I am often asked whether I think New Hampshire can still legitimately be considered a toss-up state for purposes of electoral map calculations. I have previously written that it certainly seems like the Granite State is transitioning from purple to blue, at least in the context of recent elections.
But the larger question is whether these recent results are indicative of a more permanent demographic shift in the state’s underlying partisan composition. One could make the alternative argument that the big Democratic victories we have seen here recently are simply a function of the national turmoil of the past 8 years, and the desire of voters to punish Republican incumbents for it.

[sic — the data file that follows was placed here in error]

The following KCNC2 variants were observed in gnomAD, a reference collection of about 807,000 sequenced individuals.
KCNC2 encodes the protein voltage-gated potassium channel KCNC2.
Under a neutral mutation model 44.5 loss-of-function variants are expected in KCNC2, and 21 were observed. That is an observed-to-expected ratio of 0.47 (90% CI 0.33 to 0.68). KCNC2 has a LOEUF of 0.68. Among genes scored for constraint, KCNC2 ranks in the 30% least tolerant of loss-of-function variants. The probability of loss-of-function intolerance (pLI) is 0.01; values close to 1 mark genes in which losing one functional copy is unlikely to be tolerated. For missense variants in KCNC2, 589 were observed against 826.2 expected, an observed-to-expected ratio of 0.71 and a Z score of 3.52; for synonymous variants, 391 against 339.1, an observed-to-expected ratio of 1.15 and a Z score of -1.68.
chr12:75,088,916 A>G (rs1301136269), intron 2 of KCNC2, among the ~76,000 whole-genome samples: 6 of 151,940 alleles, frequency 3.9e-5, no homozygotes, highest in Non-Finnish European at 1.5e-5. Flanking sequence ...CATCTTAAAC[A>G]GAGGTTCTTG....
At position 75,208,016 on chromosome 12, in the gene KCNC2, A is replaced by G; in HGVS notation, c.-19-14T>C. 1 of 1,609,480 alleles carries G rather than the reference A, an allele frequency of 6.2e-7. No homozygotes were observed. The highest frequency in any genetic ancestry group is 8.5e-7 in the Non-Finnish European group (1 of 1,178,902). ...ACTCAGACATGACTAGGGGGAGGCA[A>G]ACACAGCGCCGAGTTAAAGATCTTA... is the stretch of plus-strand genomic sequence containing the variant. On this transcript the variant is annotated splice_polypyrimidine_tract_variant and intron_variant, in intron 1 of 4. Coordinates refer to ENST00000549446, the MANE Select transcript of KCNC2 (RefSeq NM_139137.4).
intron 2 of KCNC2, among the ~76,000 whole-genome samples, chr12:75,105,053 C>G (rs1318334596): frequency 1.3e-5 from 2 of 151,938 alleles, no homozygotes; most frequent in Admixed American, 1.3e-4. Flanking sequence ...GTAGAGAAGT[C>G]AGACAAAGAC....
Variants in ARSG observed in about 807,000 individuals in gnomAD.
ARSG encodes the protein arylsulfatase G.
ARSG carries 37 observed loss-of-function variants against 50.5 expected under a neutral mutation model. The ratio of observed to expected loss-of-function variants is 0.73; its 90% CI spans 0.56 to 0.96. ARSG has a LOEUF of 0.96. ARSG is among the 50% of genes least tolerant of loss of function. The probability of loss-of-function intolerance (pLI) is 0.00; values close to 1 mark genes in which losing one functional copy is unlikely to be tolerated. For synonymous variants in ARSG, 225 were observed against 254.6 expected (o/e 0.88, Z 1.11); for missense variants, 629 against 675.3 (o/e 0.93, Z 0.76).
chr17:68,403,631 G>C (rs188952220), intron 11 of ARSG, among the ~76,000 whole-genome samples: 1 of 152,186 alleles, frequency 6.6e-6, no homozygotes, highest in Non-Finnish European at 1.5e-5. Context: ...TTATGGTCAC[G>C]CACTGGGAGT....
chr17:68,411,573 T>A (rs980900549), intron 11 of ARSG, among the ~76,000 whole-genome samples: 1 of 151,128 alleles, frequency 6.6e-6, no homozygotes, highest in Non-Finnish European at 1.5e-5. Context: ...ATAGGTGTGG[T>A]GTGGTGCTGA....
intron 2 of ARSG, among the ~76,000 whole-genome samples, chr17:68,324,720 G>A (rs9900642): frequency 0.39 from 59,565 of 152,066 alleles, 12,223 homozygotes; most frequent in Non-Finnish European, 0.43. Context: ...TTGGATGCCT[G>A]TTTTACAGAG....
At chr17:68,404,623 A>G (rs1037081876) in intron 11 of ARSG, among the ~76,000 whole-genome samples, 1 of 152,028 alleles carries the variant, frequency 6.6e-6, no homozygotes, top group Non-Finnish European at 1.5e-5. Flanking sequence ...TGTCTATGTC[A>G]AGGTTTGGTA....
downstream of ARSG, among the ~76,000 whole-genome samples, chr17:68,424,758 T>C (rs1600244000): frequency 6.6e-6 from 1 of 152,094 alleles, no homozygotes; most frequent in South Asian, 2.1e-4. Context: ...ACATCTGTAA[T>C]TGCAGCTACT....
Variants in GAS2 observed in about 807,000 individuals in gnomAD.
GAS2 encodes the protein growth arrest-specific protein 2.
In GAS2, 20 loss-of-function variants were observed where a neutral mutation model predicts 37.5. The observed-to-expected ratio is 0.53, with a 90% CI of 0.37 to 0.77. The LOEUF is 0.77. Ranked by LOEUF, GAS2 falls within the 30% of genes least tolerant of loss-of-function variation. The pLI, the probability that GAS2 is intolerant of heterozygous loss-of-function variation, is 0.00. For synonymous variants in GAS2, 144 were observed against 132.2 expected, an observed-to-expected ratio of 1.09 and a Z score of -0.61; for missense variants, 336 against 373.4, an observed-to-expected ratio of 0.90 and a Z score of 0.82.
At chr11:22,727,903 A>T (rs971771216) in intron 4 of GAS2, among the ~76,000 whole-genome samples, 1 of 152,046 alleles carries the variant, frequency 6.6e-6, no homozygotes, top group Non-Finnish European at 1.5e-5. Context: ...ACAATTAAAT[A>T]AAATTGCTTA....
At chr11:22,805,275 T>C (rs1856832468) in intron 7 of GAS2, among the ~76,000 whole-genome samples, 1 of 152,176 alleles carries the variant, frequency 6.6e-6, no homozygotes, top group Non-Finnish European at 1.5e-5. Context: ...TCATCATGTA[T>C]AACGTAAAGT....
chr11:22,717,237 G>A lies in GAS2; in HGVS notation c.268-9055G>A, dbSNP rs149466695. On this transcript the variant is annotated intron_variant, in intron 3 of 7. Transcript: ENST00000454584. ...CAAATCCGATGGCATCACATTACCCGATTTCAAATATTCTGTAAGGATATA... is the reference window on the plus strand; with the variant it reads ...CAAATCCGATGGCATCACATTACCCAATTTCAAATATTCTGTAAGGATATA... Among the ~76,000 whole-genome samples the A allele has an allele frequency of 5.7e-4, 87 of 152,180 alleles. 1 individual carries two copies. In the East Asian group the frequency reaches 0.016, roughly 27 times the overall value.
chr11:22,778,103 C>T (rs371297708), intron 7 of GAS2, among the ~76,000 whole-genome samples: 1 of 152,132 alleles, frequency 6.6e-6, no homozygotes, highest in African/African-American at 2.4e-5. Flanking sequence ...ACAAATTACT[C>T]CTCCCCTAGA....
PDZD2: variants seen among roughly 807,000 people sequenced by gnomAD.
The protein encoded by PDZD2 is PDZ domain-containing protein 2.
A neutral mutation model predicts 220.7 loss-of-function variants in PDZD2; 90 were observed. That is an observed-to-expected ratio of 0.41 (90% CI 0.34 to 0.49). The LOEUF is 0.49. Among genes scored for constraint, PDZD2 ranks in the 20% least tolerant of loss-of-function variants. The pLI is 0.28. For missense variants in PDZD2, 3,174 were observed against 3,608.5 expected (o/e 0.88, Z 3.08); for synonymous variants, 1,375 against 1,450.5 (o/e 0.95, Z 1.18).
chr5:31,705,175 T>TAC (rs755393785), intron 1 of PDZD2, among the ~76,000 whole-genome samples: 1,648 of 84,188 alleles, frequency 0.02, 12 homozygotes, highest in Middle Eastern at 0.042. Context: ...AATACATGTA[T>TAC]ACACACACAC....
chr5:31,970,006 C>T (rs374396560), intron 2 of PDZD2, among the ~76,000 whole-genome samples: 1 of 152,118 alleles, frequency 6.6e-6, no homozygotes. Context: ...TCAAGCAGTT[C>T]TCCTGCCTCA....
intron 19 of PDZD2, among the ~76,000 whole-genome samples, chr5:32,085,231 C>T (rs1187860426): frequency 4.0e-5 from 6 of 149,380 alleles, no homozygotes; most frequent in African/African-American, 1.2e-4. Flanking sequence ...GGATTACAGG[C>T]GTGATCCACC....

But now the Carsey Institute at the University of New Hampshire has weighed into this debate with a new study, one which provides some hard data suggesting the Granite State’s rapidly changing electorate has been trending Democratic over the past 10 years. With the two parties now roughly at parity in the state in terms of voter registration, the study finds that a majority of new voters are more likely to self-identify as Democratic. So while this debate is likely to continue among local political observers for some time to come, the study’s implications for future voting trends in New Hampshire have given us some new food for thought.
Posted On: 10-16-2008 13:53:34 by Nate Deleault
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